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#inlcude <stdio.h>
#inlcude <stdlib.h>
#inlcude <string.h>

int main() {
    char *buff = (char*)malloc(sizeof(char) * 5);
    char *str = "abcdefghijklmnopqrstuvwxyz";

    memcpy (buff, name, strlen(str));

    while(*buff) {
        printf("%c" , *buff++);
    }

    printf("\n");

    return 0;
}

this code prints the whole string "abc...xyz". but "buff" has no enough memory to hold that string. how memcpy() works? does it use realloc() ?

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4 Answers

up vote 8 down vote accepted

Your code has Undefined Behavior. To answer your question, NO, memcpy doesn't use realloc. sizeof(buf) should be adequate to accomodate strlen(str). Anything less is a crash.

The output might be printed as it's a small program, but in real big code it will cause hard to debug errors. Change your code to,

const char* const str = "abcdefghijklmnopqrstuvwxyz";
char* const buff = (char*)malloc(strlen(str) + 1);

Also, don't do *buff++ because you will loose the memory record (what you allocated). After malloc() one should do free(buff) once the memory usage is over, else it's a memory leak.

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2  
+1 for the direct question answer. –  Billy ONeal May 23 '11 at 4:46
    
i want to use this buffer to hold a string in my real application. that string has no predefined length. it grows dynamically (appending some other strings...) when program is running. the solution that i found is allocating some big memory( ~1KB ).i want to know are there any different solutions other than this?. please help. thanks. –  shan May 23 '11 at 5:02
    
@shan, then you can use realloc() (but not memcpy()) for that purpose. –  iammilind May 23 '11 at 5:17
    
please, don't cast returns from malloc, in C this can hide nasty errors –  Jens Gustedt May 23 '11 at 6:21
1  
Yes, if you get a warning on that, this is a strong sign that something is wrong, either you are compiling C with a C++ compiler or you are not including the necessary header files. –  Jens Gustedt May 23 '11 at 6:58
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You might be getting the whole string printed out, but it is not safe and you are writing to and reading from unallocated memory. This produces Undefined Behavior.

memcpy does not do any memory allocation. It simply reads from and writes to the locations you provide. It doesn't check that it is alright to do so, and in this case you're lucky if your program doesn't crash.

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Thanks for the answer. but, if i don't know the length of the string how i allocate enough memory? i want to make a buffer. i want to avoid writing to and reading from unallocated memory. what are the changes what i have to do in my code? please help ? thanks –  shan May 23 '11 at 4:47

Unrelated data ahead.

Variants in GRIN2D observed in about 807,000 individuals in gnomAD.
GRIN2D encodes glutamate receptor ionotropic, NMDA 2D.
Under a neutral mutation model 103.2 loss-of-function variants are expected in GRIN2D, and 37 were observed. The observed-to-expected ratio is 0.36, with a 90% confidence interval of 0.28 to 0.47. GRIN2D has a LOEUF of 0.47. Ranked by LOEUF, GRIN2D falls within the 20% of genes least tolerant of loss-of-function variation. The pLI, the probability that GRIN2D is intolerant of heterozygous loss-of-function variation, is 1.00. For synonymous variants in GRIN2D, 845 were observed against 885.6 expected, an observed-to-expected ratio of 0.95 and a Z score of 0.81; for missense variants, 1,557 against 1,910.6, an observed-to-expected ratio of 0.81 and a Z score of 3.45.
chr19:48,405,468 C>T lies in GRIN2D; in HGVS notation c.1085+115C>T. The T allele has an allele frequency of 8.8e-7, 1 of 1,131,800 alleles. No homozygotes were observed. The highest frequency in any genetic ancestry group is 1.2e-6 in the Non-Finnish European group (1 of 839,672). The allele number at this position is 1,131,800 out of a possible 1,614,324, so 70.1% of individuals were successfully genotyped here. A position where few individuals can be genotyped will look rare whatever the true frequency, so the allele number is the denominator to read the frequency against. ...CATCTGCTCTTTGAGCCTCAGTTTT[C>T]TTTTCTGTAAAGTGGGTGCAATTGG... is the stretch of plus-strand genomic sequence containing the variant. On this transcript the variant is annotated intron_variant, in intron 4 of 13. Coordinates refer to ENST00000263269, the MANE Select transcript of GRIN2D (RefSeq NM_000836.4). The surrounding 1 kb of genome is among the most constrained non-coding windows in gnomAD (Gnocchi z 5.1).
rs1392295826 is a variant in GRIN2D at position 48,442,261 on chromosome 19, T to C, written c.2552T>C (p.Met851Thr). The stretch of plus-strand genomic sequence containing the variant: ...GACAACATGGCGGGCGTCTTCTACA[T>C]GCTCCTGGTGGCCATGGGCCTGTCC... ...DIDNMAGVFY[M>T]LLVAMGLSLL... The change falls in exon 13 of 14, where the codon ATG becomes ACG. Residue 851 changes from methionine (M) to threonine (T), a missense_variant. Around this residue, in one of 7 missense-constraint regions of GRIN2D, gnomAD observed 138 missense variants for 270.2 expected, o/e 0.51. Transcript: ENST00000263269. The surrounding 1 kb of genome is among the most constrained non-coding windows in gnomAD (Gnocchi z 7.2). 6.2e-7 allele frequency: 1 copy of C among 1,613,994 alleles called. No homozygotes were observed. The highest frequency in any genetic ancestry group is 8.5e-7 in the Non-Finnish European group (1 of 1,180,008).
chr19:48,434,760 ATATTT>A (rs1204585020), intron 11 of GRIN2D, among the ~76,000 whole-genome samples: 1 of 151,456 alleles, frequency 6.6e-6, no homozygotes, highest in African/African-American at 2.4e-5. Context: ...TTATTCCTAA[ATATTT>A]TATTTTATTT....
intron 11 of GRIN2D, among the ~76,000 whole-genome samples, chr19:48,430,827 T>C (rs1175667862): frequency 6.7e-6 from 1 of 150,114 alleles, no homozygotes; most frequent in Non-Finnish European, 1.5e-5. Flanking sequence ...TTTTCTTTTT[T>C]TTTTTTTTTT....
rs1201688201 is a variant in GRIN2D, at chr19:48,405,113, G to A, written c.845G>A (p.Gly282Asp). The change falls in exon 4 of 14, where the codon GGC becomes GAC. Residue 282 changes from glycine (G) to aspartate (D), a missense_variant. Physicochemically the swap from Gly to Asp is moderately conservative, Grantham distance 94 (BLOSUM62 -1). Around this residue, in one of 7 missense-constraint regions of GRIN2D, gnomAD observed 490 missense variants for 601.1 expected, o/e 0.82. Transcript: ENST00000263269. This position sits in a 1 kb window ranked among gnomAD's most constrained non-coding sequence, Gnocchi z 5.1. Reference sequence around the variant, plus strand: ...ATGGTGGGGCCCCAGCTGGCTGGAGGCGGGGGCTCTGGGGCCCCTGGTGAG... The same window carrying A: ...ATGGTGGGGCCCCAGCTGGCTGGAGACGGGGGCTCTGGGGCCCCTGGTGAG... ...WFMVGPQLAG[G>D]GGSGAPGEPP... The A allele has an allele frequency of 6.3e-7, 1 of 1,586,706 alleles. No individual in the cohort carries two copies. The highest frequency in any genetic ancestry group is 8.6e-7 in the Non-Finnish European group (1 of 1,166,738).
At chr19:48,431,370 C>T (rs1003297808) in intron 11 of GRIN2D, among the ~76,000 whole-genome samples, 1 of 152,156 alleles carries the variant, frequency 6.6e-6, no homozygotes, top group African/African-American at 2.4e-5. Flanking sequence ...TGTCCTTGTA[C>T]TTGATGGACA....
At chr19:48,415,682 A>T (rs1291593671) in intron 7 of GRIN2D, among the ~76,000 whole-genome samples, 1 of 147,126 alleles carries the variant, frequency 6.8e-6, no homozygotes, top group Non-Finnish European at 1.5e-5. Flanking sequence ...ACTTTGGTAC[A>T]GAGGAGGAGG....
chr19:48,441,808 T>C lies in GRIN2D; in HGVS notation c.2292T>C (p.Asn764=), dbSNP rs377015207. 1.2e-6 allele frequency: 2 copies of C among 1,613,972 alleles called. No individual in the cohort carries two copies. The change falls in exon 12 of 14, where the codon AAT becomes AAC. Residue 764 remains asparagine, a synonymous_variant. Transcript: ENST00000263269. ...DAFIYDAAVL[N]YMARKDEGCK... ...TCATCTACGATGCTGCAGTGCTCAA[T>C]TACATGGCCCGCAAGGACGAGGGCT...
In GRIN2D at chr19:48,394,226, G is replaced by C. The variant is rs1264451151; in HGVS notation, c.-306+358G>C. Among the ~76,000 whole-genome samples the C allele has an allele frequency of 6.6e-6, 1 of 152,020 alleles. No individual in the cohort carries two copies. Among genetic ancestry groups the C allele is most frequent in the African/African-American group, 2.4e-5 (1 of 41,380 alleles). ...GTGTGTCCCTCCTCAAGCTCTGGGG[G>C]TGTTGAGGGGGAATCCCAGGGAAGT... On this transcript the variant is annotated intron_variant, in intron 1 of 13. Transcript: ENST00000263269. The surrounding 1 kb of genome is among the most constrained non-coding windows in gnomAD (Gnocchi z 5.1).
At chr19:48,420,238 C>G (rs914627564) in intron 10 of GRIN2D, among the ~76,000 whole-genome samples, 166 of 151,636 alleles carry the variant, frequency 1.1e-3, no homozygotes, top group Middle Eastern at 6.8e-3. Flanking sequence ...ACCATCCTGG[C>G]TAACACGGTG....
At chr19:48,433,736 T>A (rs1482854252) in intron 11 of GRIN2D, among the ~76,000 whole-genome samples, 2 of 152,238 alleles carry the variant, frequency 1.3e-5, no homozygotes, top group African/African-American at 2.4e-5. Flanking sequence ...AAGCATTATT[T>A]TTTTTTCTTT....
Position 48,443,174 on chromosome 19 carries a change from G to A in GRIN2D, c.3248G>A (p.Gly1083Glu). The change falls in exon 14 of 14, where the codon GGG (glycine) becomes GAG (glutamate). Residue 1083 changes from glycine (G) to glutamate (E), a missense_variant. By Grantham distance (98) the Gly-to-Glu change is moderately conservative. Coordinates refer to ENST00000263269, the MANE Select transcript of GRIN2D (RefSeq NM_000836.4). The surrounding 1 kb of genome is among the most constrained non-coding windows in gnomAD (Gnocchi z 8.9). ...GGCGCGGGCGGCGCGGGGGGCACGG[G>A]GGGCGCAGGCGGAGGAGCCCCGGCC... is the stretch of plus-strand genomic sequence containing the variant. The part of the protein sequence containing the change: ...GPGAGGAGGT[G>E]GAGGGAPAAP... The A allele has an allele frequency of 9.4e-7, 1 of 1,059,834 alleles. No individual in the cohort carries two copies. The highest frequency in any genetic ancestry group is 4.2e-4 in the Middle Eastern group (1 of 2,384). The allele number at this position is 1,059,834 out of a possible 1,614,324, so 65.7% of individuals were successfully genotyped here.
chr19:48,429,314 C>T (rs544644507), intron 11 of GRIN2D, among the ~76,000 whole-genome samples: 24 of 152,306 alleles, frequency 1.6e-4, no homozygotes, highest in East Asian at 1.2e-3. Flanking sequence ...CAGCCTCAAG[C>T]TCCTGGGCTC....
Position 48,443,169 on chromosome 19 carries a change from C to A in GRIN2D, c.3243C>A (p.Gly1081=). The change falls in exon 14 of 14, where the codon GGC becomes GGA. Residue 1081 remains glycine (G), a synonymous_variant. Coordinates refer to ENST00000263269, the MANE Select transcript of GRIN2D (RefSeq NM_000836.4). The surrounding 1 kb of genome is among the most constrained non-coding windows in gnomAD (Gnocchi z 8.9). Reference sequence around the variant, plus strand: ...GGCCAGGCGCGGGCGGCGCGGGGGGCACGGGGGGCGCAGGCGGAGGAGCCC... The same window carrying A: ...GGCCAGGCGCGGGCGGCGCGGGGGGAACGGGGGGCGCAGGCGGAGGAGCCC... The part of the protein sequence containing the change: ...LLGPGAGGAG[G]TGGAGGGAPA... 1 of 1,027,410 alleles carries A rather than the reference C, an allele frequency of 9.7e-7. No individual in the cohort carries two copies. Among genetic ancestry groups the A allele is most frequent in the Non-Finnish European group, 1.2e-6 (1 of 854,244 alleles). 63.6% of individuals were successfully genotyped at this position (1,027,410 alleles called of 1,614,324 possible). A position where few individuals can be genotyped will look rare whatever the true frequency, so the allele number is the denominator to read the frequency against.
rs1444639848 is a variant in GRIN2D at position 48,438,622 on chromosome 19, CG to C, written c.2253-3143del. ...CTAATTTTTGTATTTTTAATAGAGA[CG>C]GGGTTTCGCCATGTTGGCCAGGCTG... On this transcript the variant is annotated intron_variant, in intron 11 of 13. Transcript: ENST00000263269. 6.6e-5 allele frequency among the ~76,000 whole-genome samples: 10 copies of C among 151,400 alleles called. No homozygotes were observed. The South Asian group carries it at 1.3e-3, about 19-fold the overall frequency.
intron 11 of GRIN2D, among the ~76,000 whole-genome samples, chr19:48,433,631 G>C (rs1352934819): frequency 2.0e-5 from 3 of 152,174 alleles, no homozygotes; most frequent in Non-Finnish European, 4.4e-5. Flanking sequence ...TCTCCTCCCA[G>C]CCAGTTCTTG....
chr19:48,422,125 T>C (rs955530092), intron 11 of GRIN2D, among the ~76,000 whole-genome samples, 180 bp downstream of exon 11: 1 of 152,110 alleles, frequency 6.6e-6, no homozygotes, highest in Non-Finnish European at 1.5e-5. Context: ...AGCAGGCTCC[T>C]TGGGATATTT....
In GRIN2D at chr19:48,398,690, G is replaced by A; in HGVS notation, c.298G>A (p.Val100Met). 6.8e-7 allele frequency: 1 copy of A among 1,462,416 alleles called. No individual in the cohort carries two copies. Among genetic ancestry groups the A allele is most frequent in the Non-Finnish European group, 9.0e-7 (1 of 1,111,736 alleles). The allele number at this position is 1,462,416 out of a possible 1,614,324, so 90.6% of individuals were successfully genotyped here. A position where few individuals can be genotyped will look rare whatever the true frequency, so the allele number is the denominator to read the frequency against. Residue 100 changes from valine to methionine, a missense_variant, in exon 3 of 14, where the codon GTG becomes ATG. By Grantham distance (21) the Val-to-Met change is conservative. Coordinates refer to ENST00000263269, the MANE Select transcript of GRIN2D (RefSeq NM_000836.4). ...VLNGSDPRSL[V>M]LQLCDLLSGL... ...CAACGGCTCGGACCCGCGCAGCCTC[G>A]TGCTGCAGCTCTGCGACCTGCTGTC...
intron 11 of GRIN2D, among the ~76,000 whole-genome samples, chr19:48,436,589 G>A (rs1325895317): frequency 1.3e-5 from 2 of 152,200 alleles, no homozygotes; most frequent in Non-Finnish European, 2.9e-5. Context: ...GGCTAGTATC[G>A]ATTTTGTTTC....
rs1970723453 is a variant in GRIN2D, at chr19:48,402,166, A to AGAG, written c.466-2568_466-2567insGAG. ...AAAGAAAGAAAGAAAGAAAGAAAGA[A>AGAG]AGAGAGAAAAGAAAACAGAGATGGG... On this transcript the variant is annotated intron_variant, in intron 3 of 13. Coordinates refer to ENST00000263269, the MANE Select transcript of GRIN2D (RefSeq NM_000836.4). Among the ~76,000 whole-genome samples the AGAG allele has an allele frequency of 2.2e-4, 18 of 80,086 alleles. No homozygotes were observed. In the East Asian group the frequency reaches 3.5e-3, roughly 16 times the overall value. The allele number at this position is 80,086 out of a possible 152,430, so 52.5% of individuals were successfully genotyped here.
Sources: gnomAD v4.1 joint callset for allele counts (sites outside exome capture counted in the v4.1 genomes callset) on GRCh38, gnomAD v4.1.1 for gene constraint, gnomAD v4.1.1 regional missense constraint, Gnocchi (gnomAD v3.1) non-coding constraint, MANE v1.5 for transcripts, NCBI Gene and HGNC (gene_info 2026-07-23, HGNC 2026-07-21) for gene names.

@shan - If you are calling memcpy, and you know how much memory you're going to copy, then you know how much memory you need to allocate. Use strlen to find the length of a string (it looks for the terminating null character). –  sje397 May 23 '11 at 4:49
    
Yes, you use strlen, just as you did for your memcpy, except for one detail. The strlen function does not count the terminating null character. Thus in both the malloc and memcpy you need to use strlen(str)+1. Also, you don't need to multiply by sizeof(char) in the malloc. by definition sizeof(char) == 1. –  andrewdski May 23 '11 at 4:53
    
i want to use this buffer to hold a string in my real application. that string has no predefined length. it grows dynamically (appending some other strings...) when program is running. the solution that i found is allocating some big memory( ~1KB ).i want to know are there any different solutions other than this?. please help. thanks. –  shan May 23 '11 at 4:59
    
@shan - In that case, yes often people will allocate a large string buffer, but if the potential length could be larger, you should use realloc to grow your buffer as necessary. –  sje397 May 23 '11 at 5:51
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how memcpy() works?

Because you've invoked undefined behavior. Undefined behavior may work exactly as you expect, and it may do something completely different. It may even differ between different runs of the same program. It could also format your hard disk and still be compliant with the standard (Though of course that's unlikely :P )

Undefined behavior means that the behavior is literally not defined to do anything. Anything is valid, including the behavior you're seeing. Note that if you try to free that memory the C runtime of your target platform will probably complain. ;)

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No memcpy does not use malloc. As you suspected, you are writing off the end of of buff. In your simple example, that does no apparent harm, but it is bad. Here are some of the things that could go wrong in a "real" program:

  • You might scribble on something allocated in the memory following your buff leading to subtle (or not so subtle) bugs later on.
  • You might scribble on headers used internally by malloc and free, leading to crashes or other problems on your next call to those functions.
  • You might end up writing to an address that has not been allocated to your process, in which case your program will immediately crash. (I suspect this is what you were expecting.)

There are malloc implementations that put unmapped guard pages around allocated memory to (usually) cause the program to crash in cases like this. Other implementations will detect this, but only on your next call to malloc or free (or when you call a special function to check the heap).

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